Safety Tips

8 Safety Tips for Truck Drivers on Sharing the Road with other Motorists and Motorcyclists

Robin Ingram
4 minutes

The Florida Department of Highway Safety and Motor Vehicles started the "Share the Road" initiative. A campaign created to spread awareness that motorists, motorcyclists, bicyclists, and in some cases pedestrians, all have a right to safely use the road. They, and we, want everyone to travel with caution so ALL road users can ARRIVE ALIVE! Here at LGT Transport, safety is our number one concern. It is of utmost importance that everyone on the road does their part, including us and our drivers. So, we created 8 helpful tips for truck drivers to use when sharing the road with other motorists, motorcyclists, and bicyclists.

1. Don't Share the Lane

Never attempt to share the lane with a motorcycle or bicyclist. Motorcyclists and Bicyclists are entitled to the entire lane.

2. Look Carefully

Watch for other cars and motorcycles and look carefully before pulling into an intersection or changing lanes.

3. When Looking to Make a Maneuver in Front of a Motorcycle, Accurately Estimate Its Distance

It's Difficult to Gauge the Speed of a Motorcycle. Motorcycles take up less of your field of vision, which sincerely affects your depth perception. Because of this, Motorcyclists may appear much farther away than they truly are. It's important to accurately estimate the distance the motorcycle is away from you before changing lanes in front of them. The other option is to wait for the Motorcycle to pass before changing lanes. This ensures there's no chance of a collision between you and the motorcycle.

4. Don't Follow too Close

This goes with anybody on the road, from other motorists to motorcyclists and even bicyclists. Do not follow too closely behind them. Almost any other vehicle on the road can stop much more quickly than a semi-truck, especially motorcycles. You want to give as much breathing room as possible in case of sudden stops.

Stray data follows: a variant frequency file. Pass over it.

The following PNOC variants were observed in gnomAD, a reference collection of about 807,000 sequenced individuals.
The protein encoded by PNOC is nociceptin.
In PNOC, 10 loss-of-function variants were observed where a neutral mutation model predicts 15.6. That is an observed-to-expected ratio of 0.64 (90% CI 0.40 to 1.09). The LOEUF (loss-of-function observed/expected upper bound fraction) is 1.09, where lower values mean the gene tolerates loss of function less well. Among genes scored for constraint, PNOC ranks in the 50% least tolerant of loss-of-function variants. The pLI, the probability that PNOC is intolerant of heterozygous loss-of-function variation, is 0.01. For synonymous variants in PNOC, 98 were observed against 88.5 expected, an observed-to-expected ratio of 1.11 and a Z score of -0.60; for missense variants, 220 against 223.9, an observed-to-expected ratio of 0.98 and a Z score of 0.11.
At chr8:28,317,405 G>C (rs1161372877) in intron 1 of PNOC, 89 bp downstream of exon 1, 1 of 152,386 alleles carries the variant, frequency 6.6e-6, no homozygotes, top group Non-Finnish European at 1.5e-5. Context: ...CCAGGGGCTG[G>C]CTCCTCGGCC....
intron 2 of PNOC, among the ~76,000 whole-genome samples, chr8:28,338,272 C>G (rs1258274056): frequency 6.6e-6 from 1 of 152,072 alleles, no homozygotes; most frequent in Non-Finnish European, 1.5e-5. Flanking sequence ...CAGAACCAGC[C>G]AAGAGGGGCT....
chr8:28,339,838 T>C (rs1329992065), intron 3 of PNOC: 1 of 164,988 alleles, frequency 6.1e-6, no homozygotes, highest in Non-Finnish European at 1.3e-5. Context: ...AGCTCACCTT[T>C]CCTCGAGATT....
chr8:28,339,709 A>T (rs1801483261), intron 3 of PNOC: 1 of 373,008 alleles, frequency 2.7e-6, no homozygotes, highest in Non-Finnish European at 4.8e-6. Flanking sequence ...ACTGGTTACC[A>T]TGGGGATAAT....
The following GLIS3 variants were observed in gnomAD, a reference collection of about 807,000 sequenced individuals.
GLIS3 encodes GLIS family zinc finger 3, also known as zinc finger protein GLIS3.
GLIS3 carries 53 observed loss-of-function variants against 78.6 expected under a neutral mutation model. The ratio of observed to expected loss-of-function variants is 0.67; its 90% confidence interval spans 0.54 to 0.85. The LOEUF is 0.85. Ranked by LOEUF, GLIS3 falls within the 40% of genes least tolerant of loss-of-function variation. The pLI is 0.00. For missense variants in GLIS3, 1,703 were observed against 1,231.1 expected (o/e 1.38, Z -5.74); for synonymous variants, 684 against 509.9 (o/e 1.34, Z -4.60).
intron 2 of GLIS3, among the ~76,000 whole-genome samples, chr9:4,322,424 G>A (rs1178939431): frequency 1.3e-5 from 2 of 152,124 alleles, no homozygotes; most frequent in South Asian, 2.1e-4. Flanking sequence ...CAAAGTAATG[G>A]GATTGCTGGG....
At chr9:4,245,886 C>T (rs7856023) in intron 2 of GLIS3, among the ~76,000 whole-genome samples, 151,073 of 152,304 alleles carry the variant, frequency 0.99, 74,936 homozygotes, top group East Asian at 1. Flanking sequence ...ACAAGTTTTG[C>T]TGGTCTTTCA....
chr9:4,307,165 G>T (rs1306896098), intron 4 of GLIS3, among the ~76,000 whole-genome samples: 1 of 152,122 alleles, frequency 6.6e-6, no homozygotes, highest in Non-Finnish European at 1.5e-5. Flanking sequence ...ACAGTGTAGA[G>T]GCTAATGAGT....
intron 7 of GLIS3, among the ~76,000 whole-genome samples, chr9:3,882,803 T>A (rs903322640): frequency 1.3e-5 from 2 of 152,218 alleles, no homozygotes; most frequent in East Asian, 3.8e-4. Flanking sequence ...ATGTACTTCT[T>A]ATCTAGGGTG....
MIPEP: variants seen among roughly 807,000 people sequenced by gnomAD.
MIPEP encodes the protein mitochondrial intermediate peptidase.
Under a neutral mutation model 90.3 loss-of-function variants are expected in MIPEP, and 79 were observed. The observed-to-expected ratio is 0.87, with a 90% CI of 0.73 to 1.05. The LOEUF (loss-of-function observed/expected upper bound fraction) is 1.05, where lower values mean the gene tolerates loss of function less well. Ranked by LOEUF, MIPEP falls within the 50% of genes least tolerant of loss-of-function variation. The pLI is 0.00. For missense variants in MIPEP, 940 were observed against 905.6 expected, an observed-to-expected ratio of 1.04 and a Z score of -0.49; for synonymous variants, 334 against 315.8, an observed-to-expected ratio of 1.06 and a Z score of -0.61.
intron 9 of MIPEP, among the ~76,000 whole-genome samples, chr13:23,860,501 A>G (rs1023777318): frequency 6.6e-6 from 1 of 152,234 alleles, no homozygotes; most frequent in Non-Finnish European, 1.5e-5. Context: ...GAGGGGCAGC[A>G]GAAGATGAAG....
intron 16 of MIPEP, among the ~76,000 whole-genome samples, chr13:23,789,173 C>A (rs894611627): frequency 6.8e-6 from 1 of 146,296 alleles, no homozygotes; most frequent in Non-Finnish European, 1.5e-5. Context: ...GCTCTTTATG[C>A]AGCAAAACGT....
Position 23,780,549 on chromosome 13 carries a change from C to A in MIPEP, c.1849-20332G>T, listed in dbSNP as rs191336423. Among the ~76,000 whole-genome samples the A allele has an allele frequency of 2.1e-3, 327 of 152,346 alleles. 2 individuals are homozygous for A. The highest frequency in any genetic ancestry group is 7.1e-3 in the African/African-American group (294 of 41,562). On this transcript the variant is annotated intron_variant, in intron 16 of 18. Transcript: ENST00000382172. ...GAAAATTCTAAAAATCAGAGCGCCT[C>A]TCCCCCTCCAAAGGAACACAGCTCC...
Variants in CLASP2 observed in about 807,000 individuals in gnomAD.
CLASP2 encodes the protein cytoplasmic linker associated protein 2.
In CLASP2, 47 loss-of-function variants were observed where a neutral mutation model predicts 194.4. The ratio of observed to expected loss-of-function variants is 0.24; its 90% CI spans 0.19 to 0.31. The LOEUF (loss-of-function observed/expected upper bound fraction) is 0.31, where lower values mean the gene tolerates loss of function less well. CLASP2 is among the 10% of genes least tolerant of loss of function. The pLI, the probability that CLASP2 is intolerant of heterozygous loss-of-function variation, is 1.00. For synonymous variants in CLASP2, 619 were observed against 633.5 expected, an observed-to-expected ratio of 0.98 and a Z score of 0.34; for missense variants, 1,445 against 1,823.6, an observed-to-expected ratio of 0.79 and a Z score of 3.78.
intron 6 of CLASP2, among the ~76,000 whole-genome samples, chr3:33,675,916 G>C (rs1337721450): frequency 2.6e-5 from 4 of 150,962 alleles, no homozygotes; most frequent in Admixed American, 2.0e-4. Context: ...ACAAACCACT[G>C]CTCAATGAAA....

5. Visual Warnings Won't Always Be There

Many times motorcycle's break lights won't activate due to how they slow down. This could be from downshifting or rolling off the throttle. We recommend you should always assume a motorcyclist may slow down without visual warning.

6. Never Pass Another Vehicle by Only a Few Feet

Never pass a motorcyclist with only a few feet of space. This goes for not just motorcycles, but other motorists and bicyclists too. The force of the wind gust from your semi or trailer can cause the rider/driver to lose control. Also, you can never assume they'll do one thing, you have to assume anything is possible so it's better to always pass with more than a mere few feet.

7. When Being Passed, Maintain Your Lane Position

Do not increase your speed or change lanes when any other object or vehicle is passing you. It's better to hold off until lanes are steady.

8. The 4-Second Buffer Zone

Always maintain a 4-second or greater buffer zone between you and a motorcyclist. Also, in times of inclement weather, gusty winds, wet or icy roads, bad road conditions, and railroad crossings be sure to increase that space even more.

We encourage any and all truck drivers to use these tips when sharing the road with others. Help us spread awareness and keep everyone on the road safe. Remember, no one has sole rights to the road. It is a shared space with shared responsibility. For more information on Motorcycle and Bicycle Safety Awareness Month, visit the Florida Department of Highway Safety and Motor Vehicles webpage.

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